Retief Goosen starts the 1st round of a tournament with a number 4 ball, plays number 3 in the 2nd round, number 2 in the 3rd round and a number 1 ball in the final round.
Vijay Singh uses balls in the reverse order.
David Love III marks his ball with a 1965 or1966 penny believing that pennies minted after 1970 are unlucky.
Golf balls with a number higher than four are often associated with bad luck and are hardly made anymore.
Fear vs. Luck
Would it affect your luck if you did not act on your superstitious beliefs? Does acting on your belief bring you luck? I believe there is a certain amount of luck in the game of golf. I also believe that luck happens when preparation meets opportunity. Stewart Cink says he stays clear of all superstitions because all they do is bring him bad luck.
To have consistent results in the game of golf, it is necessary to have a consistent pre-shot routine. The rituals listed above are routines that are not needed. Golfers practice superstitious rituals in the hopes of bringing success, or conversely, to keep away the fear of bad luck. Fear is always a belief conjured up by the individual that keeps the mind emotionally engaged. If the golfer forgets to do the ritual, the fear of creating bad luck takes over.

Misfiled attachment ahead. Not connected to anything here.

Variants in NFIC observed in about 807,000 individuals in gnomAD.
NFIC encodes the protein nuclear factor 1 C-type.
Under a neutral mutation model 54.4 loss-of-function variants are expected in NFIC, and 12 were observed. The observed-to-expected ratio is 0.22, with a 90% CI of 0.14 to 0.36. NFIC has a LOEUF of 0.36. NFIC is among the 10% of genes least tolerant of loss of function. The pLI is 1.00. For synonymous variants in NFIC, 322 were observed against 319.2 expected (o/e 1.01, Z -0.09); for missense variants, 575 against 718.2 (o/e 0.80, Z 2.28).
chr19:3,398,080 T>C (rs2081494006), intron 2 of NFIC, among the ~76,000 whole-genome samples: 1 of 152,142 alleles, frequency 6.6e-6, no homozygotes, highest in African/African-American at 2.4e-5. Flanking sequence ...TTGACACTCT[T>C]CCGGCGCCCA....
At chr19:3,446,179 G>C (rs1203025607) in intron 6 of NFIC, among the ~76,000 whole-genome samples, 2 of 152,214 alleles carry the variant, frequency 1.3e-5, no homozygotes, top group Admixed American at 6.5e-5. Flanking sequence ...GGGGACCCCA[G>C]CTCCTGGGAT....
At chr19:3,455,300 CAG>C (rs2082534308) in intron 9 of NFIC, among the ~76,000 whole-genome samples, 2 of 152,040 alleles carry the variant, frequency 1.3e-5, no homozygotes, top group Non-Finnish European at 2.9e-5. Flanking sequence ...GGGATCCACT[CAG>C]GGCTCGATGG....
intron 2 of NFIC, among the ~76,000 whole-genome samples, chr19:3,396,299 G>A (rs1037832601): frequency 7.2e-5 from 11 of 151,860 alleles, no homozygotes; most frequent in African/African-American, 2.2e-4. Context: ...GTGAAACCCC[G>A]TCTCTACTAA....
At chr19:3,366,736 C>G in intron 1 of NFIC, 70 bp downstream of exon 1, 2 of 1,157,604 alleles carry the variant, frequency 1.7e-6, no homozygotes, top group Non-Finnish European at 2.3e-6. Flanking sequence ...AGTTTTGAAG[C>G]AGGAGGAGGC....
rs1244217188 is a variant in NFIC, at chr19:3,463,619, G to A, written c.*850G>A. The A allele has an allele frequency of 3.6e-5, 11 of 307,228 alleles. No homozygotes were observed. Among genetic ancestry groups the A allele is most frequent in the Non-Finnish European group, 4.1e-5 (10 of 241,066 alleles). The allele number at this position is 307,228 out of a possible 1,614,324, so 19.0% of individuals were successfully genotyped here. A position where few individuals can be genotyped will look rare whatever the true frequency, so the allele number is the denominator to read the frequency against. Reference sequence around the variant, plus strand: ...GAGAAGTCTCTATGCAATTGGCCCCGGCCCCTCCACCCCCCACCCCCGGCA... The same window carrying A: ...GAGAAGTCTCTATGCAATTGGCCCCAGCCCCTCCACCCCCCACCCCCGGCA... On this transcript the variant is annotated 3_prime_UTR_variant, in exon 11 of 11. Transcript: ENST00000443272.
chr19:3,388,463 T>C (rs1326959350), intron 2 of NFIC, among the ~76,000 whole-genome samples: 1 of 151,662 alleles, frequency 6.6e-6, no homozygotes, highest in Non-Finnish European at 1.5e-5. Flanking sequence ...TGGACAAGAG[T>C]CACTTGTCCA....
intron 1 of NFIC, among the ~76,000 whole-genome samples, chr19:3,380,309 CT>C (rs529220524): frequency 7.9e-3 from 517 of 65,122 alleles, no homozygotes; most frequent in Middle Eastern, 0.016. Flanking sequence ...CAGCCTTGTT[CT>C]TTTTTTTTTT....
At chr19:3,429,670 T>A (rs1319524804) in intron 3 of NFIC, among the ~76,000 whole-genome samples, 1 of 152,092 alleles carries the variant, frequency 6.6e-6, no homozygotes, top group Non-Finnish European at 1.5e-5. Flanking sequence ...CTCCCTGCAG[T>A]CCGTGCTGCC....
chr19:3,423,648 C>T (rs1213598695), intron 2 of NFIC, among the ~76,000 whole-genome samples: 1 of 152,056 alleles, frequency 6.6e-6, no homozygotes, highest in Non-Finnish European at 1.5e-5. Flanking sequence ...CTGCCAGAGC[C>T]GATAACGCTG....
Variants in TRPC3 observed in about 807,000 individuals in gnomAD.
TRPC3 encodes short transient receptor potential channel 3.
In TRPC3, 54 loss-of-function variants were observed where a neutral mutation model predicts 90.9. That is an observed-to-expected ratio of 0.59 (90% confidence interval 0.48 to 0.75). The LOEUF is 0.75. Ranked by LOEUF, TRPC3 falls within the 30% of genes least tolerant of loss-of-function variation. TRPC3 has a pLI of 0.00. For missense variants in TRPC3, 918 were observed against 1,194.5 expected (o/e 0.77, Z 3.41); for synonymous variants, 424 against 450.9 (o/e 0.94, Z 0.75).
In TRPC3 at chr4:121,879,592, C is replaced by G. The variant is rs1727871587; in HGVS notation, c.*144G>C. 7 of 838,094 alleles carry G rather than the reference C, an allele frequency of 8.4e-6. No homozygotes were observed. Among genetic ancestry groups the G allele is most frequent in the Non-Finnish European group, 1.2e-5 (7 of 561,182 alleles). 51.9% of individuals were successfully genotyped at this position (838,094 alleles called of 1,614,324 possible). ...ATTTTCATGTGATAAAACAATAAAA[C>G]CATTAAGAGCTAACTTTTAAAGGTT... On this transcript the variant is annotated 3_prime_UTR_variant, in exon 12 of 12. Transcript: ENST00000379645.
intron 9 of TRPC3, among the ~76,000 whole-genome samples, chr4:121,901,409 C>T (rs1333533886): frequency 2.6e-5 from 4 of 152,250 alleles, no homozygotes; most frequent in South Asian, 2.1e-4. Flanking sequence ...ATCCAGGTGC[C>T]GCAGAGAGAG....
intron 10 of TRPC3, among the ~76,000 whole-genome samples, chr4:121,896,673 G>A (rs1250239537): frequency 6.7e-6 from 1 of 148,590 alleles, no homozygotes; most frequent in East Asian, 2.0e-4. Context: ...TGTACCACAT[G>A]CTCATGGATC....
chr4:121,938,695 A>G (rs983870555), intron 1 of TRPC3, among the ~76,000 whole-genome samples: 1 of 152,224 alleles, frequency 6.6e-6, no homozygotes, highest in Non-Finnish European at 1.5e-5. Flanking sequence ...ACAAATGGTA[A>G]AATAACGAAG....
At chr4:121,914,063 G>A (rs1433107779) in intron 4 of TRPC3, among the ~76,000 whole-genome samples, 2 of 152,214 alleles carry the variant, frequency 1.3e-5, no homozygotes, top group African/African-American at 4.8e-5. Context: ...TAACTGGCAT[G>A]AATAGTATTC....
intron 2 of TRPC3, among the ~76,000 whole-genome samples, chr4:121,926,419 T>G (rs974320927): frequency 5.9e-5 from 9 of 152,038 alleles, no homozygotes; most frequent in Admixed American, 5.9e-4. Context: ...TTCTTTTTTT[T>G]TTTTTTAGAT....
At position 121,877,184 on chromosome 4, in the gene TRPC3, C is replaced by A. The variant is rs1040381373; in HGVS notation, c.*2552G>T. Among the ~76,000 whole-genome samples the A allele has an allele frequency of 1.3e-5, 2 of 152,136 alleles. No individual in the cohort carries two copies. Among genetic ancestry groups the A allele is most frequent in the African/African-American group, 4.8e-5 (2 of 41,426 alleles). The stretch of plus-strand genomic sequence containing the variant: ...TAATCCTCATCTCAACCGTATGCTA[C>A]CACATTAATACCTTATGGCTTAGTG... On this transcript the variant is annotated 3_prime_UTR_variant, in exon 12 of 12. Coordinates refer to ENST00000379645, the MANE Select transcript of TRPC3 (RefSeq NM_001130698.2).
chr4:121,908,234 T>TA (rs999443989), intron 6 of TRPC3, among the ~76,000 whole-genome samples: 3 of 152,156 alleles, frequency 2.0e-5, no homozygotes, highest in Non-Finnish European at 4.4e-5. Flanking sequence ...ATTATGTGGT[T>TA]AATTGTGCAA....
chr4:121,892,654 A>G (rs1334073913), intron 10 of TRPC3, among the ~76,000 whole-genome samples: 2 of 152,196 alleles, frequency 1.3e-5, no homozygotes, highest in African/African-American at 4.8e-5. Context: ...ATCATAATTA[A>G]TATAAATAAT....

Golfers always want to have more control on the golf course. Practicing superstitious rituals gives away your power as it occupies the mind with thoughts that have no relevance to preparing for the shot/putt. Visualizatin and mental imagery are mental routines that recreate successful past shots and feelings as if they are happening in the present moment. Prepare your mind with these useful mental skills and forget about any ritual based on a useless belief.
"Fear is the main source of superstition and one of the main sources of cruelty.
To conquer fear is the beginning of wisdom."
-- Bertrand Russell (1872-1970)